The Financial Intelligence Agency (FIA) has recorded a worrying increase in suspicious financial activity in the 2022/23 reporting period, involving 565 transactions worth over P2 billion.
This is a significant rise from the previous year (2021/22), which saw 344 suspicious transactions involving a total of P9.6 million.
The FIA Annual Report, which was recently released, reveals that most of these dubious transactions were detected in the banking sector, accounting firms, insurance companies, car dealerships, and credit unions.
The FIA is responsible for collecting and analysing information on suspicious transactions and reporting them to the relevant authorities for further action.
The agency also monitors and enforces compliance with anti-money laundering and counter-terrorism financing laws and regulations.
The FIA was removed from the grey list of the Financial Action Task Force (FATF) in 2022, after implementing stringent measures to track and trace money movements in the country.
According to the report, the banking sector submitted 393 reports of suspicious transactions in 2022/23, totaling P1.7 billion.
This marks a 160 percent increase from the previous year, where 151 reports involving P399.2 million were recorded.
“The number of Suspicious Transaction Reports (STRs) submitted by the banking sector increased by 160 percent, from 151 in 2021/22 to 393 in 2022/23, constituting 70 percent of total STRs received,” the report states.
Financial institutions are required to report any local or foreign transactions exceeding P9,999.00 to the FIA.
On the other hand, the Bureau de Change sector saw a decrease in suspicious transactions, with 57 cases involving P1.42 million in 2022/23, down from 137 cases involving P869,200.00 in 2021/22.
Legal practitioners reported four cases involving just over P1 million in 2021, which decreased to three cases involving P427,000.00 in 2022/23.
The FIA has been conducting compliance examinations since 2018 and continues to implement measures to ensure ongoing compliance.
Bopelokgale Soko, the Director General of FIA, emphasised that Botswana has adopted UN Security Council Resolutions on the prevention and suppression of terrorism, terrorism financing, and the disruption of weapons of mass destruction.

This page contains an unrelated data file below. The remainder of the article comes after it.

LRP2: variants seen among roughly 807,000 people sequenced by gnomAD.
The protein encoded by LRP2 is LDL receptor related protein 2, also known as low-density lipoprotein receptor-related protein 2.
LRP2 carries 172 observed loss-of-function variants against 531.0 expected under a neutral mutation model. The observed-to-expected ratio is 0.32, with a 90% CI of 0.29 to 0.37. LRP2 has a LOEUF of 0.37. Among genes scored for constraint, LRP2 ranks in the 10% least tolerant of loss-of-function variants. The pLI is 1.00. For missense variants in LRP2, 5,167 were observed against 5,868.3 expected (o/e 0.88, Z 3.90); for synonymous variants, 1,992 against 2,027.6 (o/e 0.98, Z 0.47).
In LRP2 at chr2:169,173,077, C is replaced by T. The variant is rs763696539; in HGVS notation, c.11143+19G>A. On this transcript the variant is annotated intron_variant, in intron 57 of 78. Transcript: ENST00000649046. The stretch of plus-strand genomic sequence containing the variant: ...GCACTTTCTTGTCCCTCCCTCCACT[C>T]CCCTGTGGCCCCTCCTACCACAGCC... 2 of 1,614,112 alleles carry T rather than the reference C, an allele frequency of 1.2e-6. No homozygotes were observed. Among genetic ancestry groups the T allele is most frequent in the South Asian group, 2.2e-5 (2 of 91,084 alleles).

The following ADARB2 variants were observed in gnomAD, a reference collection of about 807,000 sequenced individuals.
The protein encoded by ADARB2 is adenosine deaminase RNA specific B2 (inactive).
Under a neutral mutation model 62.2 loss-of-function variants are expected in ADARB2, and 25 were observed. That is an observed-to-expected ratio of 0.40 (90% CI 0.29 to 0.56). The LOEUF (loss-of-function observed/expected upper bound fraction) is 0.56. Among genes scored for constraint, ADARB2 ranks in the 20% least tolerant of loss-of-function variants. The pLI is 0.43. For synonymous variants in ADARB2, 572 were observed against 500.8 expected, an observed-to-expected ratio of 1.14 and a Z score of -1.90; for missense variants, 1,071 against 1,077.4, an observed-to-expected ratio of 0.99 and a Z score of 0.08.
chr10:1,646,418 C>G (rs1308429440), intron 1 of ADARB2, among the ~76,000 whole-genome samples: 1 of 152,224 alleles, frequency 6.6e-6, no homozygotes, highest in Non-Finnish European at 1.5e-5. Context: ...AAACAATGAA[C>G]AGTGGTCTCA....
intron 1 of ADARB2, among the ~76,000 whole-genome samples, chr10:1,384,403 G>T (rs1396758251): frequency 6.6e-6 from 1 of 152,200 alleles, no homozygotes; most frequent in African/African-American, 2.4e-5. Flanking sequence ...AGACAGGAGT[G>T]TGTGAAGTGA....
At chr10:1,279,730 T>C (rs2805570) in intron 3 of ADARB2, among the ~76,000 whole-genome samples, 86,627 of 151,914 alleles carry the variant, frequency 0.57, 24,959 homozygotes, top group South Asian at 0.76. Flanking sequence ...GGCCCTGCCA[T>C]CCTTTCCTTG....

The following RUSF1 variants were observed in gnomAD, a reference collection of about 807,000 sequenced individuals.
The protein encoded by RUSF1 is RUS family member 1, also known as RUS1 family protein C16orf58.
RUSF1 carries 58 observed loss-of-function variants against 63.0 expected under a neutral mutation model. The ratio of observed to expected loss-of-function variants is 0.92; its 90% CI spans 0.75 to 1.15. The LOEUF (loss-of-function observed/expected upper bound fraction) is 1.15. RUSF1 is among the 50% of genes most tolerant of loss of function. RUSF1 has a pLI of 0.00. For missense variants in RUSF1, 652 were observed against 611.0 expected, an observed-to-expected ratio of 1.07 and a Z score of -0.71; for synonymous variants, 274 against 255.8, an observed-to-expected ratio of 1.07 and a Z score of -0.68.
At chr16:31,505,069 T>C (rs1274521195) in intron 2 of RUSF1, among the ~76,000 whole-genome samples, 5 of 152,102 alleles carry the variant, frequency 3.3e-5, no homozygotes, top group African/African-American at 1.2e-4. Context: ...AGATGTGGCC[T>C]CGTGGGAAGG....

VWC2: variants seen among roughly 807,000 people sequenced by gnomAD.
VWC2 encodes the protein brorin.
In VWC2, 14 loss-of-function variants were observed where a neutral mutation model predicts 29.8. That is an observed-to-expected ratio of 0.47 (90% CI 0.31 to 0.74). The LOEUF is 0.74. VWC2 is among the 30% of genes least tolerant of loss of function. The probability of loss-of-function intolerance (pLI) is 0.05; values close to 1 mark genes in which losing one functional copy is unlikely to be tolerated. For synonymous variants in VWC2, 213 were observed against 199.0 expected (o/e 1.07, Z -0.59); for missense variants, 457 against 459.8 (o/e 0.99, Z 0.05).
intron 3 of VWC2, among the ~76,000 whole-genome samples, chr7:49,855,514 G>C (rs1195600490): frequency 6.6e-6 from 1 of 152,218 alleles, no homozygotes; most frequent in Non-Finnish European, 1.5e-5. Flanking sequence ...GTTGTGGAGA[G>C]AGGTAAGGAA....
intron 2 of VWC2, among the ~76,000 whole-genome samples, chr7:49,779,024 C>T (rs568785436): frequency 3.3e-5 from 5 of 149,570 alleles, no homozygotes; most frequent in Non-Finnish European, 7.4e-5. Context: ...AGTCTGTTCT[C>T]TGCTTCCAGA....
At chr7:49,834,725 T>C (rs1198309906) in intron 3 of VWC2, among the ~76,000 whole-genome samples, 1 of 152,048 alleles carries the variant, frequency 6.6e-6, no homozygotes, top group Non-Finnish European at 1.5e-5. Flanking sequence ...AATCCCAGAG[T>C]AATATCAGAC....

“The targeted financial sanction (TFS) regimes align with FATF Recommendations 6 and 7, requiring countries to freeze funds or assets owned or controlled by individuals or entities listed in the UNSC or domestic sanction list,” she said.
The report also shows an increase in the number of entities within various sectors that are obliged to report specific transaction types on designated parties.
Casinos, lawyers, Non-Bank Financial Institutions, Accounting Firms, Dealers in Precious Stones, and Real Estate Firms collectively account for over 50 percent of these reporting entities.
Moreover, the FIA noted a significant surge in the value of cash transactions, which grew from P25 billion to approximately P62 billion in 2022/23, accompanied by a corresponding rise in the number of transactions, from 0.65 million to 1.68 million.
“This trend reflects a growing preference for cash transactions over the years, with important implications for money laundering vulnerabilities, as cash-intensive economies tend to facilitate the laundering of illicit proceeds,” the report highlights.
A separate assessment in October 2022 of the second-hand vehicle dealership industry indicated a medium-high vulnerability compared to ‘new car’ dealerships. “This was mainly due to weak entry controls, limited knowledge on AML/CFT/CFP issues by officers and ineffective compliance functions,” the FIA report says.
However, the assessment found the threat of terrorism financing to be medium-low, considering the absence of positive matches in the implementation of UNSC Resolutions and the unsatisfactory compliance efforts by motor dealers during the review period.